As a precaution, southbound Blue Line trains were ordered at the time to stop before proceeding through the junction at a reduced speed of 5 mph.

If normal speeds of 10 mph are resumed through the junction, the wheel damage “becomes real and could lead to a major derailment somewhere on the Metro Blue Line,” wrote Michael Harris-Gifford, then deputy executive officer of wayside systems at MTA. He noted that there were even signs of wear at 5 mph.

The problems persisted at least until July 2011, when the junction was discussed in a meeting of officials from the MTA, the Expo construction authority and the state Public Utilities Commission.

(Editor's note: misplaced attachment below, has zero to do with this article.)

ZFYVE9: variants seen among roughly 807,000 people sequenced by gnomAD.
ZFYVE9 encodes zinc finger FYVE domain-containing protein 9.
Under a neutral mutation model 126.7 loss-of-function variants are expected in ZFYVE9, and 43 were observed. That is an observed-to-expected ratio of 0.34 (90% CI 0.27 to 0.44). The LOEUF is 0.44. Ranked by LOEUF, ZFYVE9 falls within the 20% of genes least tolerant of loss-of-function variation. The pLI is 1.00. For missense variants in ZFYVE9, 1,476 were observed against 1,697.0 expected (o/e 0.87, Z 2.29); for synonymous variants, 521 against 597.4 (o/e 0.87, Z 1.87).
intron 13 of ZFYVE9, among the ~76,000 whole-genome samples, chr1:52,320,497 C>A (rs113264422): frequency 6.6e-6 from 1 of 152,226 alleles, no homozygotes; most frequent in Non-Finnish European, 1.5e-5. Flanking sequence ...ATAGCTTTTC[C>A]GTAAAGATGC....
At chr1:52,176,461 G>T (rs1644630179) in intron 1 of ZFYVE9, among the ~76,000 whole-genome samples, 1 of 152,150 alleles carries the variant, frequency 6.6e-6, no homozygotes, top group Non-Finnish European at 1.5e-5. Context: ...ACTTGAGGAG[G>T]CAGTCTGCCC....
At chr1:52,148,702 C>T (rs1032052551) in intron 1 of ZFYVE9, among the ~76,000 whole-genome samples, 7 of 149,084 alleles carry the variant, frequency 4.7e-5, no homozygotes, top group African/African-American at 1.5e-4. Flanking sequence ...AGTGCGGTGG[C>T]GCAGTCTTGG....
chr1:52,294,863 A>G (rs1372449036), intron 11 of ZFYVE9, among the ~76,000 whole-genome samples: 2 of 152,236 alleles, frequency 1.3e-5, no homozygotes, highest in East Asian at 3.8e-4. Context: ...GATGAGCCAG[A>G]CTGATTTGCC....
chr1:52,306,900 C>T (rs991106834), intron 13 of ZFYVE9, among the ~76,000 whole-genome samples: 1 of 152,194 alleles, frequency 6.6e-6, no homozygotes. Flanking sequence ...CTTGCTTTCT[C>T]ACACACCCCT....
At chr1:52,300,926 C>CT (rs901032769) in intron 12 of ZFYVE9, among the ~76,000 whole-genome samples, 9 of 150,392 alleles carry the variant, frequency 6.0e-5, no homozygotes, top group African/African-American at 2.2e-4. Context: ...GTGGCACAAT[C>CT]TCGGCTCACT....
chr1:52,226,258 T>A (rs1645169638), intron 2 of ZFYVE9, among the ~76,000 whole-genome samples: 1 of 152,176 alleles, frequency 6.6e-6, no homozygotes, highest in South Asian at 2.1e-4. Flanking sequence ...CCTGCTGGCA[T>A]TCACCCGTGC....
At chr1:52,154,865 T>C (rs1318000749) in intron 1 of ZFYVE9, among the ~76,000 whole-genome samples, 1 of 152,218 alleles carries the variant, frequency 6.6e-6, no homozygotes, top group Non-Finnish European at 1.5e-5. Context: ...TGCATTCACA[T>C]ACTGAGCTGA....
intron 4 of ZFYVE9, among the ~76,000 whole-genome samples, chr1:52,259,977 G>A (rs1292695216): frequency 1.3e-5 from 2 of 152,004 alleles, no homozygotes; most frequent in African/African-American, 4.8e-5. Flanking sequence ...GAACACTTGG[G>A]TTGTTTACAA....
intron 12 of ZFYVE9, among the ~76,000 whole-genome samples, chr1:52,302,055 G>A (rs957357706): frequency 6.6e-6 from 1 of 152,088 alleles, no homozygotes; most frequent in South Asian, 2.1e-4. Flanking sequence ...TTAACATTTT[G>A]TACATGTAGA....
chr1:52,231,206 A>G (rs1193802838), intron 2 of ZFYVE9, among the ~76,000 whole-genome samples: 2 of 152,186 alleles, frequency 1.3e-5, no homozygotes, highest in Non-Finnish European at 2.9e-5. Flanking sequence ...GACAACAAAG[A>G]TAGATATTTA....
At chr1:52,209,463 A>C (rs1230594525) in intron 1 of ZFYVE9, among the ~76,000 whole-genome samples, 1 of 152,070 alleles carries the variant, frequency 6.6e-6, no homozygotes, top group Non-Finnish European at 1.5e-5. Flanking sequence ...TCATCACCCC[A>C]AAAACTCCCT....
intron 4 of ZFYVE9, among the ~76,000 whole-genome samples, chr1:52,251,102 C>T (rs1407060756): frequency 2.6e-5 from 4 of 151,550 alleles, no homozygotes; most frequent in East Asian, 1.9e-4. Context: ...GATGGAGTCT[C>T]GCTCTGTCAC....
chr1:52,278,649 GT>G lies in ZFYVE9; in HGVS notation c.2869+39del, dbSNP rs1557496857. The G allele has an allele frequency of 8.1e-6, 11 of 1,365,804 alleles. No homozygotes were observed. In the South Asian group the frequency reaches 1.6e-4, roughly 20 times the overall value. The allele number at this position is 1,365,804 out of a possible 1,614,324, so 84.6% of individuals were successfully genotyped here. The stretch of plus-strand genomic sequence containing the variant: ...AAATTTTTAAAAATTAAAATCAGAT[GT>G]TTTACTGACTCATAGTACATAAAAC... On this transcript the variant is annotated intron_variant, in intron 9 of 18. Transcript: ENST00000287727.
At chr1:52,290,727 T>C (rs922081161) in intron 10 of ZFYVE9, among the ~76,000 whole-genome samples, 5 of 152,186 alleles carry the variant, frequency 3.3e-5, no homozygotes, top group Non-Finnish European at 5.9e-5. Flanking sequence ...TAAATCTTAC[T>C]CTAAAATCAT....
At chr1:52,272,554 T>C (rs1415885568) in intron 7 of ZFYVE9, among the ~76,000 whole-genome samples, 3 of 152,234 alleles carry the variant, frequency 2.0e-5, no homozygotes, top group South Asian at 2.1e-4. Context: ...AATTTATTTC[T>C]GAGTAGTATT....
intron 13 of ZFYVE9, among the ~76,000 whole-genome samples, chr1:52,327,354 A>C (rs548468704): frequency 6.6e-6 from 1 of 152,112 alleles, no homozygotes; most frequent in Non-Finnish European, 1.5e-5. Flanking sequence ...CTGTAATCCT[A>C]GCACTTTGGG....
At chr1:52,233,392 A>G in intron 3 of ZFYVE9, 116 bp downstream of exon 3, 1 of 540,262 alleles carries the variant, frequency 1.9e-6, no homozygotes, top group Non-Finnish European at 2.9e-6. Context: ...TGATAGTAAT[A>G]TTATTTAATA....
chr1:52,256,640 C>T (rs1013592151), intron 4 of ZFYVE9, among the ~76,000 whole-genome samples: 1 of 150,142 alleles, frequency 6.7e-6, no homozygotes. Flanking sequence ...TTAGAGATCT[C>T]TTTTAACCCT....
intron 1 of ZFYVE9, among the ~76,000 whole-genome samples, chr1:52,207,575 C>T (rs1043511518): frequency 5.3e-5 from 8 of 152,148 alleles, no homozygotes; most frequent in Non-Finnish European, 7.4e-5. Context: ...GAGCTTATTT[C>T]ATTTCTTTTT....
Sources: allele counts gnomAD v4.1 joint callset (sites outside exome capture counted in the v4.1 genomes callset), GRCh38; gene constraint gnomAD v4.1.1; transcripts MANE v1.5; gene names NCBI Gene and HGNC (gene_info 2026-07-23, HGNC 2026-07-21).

Since then, MTA and Expo officials said they have fine-tuned their corrections. Trains are now moving through the junction at about 7 to 8 mph, they added, and there has been no new evidence of excessive wear to tracks or wheel assemblies.

“Final adjustments were made,” said Rick Thorpe, chief executive of the Expo construction authority. “From that period on, trains have been running without any issues. We’ve found a solution.”

Despite the intensified inspection requirements, Thorpe said there has been no public safety risk. “If there was, the trains wouldn’t have run.”

Officials of the Public Utilities Commission said they allowed the Expo Line to open because there have been no recent indications of problems. “But,” Cooke added, “we must satisfy ourselves that there will no longer be any excessive wear” before the agency can lift the inspection program.